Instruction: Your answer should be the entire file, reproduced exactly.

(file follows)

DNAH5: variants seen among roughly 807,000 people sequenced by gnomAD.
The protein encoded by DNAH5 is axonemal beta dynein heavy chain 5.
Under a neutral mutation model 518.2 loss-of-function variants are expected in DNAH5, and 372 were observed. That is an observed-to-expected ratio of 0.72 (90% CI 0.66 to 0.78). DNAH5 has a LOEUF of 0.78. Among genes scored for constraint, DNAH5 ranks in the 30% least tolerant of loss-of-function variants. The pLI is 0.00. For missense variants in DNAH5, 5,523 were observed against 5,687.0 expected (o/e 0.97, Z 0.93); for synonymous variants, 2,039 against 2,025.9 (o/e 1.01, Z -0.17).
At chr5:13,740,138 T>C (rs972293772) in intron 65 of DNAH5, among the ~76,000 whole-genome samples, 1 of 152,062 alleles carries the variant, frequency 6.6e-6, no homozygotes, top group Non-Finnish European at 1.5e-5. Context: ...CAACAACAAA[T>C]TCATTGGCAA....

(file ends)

DNAH5: variants seen among roughly 807,000 people sequenced by gnomAD.
The protein encoded by DNAH5 is axonemal beta dynein heavy chain 5.
Under a neutral mutation model 518.2 loss-of-function variants are expected in DNAH5, and 372 were observed. That is an observed-to-expected ratio of 0.72 (90% CI 0.66 to 0.78). DNAH5 has a LOEUF of 0.78. Among genes scored for constraint, DNAH5 ranks in the 30% least tolerant of loss-of-function variants. The pLI is 0.00. For missense variants in DNAH5, 5,523 were observed against 5,687.0 expected (o/e 0.97, Z 0.93); for synonymous variants, 2,039 against 2,025.9 (o/e 1.01, Z -0.17).
At chr5:13,740,138 T>C (rs972293772) in intron 65 of DNAH5, among the ~76,000 whole-genome samples, 1 of 152,062 alleles carries the variant, frequency 6.6e-6, no homozygotes, top group Non-Finnish European at 1.5e-5. Context: ...CAACAACAAA[T>C]TCATTGGCAA....